Metastatic cancerMouseT-cell infiltrationPre-clinical drug trialDovedi et al. (3)
    OrthopoxvirusMouseClonalityPre-clinical vaccine trialWolf et al. (4)
    Crohn’s diseaseHumanClonality/ repertoire overlapBiomarker discoveryAllez et al. (5)
    MelanomaHumanT-cell fractionBiomarker discoveryPruessman et al. (6)
    PsoriasisHumanClonalityDrug efficacyMatos et al. (7)
    Alopecia areataHumanClonalityDrug efficacyde Jong et al. (8)
    Prostate cancerHumanClonality/clonal expansionDrug efficacyPhillips et al. (9)
    Melanoma/fatal encephalitisHumanClonality/
    T-cell fraction
    Adverse event monitoringJohnson et al. (10)
    GVHD/drug hypersensitivityHumanClonalityAdverse event monitoringChang et al. (11)
    COVID-19HumanClonality/ repertoire overlapBiomarker endpointSnyder et al. (12)

    GVHD, graft-versus-host disease.

    The immunoSEQ Assay in drug discovery

    Identifying immunogenic peptides

    One application of the immunoSEQ Assay in drug discovery is identifying immunogenic peptides. In a study by Forde et al. (1), researchers screened mutation-associated neoantigens from a patient with non-small cell lung cancer. The authors identified one neoantigen that elicited a T-cell response in vitro (Figure 4A). Using the immunoSEQ Assay, they tracked these neoantigen-specific T-cell clones in different tissues and over time (Figure 4B). In drug development, the ability to track the T-cell response to antigens can be useful in identifying vaccine candidates.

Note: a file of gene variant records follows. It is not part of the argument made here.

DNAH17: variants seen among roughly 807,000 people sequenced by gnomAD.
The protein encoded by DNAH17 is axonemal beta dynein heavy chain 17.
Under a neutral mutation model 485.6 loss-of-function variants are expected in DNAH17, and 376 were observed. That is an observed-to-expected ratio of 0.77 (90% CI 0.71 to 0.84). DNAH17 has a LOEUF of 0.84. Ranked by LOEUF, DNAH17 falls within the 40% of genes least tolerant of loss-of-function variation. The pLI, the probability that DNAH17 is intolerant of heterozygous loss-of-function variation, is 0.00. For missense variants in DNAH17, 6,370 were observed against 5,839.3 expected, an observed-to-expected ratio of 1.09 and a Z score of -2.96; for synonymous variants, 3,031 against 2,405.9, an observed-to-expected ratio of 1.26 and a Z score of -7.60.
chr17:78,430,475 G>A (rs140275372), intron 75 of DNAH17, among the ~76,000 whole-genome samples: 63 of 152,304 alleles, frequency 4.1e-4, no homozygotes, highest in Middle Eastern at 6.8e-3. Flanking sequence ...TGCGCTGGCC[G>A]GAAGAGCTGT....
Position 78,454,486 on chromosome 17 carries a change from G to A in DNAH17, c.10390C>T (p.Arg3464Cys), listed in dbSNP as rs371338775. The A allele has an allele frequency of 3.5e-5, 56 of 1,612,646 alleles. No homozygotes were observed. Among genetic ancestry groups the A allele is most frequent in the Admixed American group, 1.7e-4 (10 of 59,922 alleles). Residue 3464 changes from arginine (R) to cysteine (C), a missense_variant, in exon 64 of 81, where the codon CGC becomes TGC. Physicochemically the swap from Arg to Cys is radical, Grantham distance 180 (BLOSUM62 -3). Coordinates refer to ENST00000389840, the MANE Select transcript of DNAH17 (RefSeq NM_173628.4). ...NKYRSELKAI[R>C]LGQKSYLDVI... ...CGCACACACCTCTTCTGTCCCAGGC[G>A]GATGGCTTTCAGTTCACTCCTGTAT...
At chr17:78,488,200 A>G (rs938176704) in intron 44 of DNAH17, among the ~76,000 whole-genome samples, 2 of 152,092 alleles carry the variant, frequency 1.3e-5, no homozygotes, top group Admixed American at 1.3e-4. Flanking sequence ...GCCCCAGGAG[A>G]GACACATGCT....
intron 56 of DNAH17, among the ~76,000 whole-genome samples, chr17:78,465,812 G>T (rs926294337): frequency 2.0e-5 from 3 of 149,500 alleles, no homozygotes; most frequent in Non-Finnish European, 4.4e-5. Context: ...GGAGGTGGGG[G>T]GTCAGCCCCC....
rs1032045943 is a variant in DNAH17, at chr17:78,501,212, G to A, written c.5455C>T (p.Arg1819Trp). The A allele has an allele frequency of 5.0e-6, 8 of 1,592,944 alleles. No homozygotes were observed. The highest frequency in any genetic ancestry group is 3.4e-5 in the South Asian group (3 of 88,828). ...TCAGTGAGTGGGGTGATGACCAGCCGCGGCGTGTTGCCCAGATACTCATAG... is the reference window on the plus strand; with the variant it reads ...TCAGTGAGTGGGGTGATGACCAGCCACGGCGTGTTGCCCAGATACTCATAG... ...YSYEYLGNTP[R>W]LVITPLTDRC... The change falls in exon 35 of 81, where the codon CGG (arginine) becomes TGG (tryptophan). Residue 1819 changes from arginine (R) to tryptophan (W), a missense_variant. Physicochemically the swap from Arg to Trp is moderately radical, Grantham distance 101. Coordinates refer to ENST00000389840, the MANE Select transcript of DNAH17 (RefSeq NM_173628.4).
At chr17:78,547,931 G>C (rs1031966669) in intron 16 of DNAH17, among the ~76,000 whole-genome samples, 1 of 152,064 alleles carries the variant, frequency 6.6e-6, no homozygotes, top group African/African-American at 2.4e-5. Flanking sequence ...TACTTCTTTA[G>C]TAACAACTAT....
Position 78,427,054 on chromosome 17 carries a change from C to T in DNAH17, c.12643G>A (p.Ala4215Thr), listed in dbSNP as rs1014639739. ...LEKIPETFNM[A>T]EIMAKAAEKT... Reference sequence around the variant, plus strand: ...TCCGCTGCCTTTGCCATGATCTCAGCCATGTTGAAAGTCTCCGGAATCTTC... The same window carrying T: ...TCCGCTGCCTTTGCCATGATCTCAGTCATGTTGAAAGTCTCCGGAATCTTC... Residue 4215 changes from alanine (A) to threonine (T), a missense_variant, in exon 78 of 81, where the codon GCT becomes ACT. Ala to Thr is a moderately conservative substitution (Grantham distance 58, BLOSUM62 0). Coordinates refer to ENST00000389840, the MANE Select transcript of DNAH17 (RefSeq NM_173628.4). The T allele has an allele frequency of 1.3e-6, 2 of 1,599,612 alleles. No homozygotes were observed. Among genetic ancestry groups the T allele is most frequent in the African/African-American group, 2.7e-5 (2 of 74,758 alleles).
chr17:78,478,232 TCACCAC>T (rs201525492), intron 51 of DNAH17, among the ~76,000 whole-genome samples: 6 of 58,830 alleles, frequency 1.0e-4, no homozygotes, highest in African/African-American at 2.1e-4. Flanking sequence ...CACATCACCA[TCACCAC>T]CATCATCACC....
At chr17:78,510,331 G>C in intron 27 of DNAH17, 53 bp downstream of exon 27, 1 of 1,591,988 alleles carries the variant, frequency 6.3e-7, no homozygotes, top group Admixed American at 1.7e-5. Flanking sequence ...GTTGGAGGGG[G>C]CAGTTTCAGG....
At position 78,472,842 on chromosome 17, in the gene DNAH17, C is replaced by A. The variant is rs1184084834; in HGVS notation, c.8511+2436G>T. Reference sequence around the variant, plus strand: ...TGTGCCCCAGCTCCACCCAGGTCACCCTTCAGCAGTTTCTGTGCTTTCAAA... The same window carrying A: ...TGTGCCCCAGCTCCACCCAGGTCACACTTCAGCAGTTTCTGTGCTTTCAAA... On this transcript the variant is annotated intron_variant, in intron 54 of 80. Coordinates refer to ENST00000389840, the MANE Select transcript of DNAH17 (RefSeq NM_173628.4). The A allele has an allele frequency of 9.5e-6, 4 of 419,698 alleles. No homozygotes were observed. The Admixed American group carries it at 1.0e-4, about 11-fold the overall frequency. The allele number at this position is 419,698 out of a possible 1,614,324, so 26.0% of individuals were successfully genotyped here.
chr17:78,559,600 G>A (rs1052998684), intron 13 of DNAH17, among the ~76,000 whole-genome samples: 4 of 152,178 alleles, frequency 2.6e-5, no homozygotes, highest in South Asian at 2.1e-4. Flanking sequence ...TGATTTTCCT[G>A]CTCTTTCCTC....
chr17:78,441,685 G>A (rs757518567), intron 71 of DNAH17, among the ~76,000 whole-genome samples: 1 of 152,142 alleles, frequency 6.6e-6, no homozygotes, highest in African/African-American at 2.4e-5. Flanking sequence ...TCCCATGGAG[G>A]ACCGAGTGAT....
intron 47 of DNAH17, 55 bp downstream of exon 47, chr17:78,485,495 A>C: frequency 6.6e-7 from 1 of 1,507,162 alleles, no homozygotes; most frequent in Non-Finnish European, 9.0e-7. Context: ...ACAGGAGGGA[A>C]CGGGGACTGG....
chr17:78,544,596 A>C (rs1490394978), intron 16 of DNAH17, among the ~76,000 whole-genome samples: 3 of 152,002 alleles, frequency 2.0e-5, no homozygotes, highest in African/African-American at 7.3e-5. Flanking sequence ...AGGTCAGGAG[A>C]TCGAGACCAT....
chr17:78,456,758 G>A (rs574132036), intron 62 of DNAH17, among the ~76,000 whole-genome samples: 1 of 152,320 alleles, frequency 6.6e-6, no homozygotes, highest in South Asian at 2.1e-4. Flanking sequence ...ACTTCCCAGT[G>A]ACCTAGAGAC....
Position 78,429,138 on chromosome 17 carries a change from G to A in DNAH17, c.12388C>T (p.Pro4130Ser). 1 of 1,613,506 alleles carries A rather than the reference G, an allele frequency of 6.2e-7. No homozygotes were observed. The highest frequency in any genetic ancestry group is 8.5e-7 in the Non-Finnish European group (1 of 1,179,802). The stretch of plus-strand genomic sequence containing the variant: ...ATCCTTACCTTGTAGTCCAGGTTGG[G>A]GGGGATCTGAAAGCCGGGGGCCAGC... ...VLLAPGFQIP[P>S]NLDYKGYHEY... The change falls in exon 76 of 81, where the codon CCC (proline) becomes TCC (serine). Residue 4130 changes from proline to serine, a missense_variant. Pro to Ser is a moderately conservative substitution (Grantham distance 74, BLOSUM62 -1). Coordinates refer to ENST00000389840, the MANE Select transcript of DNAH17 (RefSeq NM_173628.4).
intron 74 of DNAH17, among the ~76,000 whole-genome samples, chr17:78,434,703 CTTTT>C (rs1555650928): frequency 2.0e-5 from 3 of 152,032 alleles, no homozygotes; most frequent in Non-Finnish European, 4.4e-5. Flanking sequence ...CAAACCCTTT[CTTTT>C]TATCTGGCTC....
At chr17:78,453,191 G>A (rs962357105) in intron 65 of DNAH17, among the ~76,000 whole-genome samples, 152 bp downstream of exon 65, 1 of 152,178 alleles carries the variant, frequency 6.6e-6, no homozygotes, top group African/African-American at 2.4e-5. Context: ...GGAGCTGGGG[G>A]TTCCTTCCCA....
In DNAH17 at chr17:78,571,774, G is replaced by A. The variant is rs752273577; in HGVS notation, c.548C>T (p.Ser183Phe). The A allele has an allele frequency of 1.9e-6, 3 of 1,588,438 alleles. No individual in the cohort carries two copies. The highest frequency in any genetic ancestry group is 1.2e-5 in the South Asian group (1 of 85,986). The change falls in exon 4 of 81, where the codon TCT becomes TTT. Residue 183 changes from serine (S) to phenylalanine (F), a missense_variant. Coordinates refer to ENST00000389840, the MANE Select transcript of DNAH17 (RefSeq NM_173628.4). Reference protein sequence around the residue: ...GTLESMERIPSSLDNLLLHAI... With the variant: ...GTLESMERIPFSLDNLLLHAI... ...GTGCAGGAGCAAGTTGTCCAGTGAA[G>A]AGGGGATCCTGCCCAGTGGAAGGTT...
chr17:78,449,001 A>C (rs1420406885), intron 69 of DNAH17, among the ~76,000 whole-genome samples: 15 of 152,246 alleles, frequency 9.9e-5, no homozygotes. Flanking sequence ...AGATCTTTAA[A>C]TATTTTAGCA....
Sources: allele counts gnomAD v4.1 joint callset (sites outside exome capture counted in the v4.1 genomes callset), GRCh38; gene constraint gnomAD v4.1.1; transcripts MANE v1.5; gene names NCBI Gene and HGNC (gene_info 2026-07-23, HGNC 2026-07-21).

Figure 4. T-cell clonality in non-small cell lung cancer tumors. A) Expansion of T-cell clones after peptide stimulation. B) Frequency of three T-cell clones in tumor and resected tissue. Adapted from Forde et al. (1)

    Understanding the immune response to infection

    The immunoSEQ Assay can also provide insight into the types of immune responses that are most effective against a pathogen, thereby providing insight on the goals of vaccine strategies.

    After the emergence of the Zika virus, the immunoSEQ Assay was used in a mouse model to identify elements of the adaptive immune system that arise in response to infection. The results demonstrated a key role for polyfunctional and polyclonal CD4+ T cells in protecting the central nervous system from damage during severe Zika virus infection.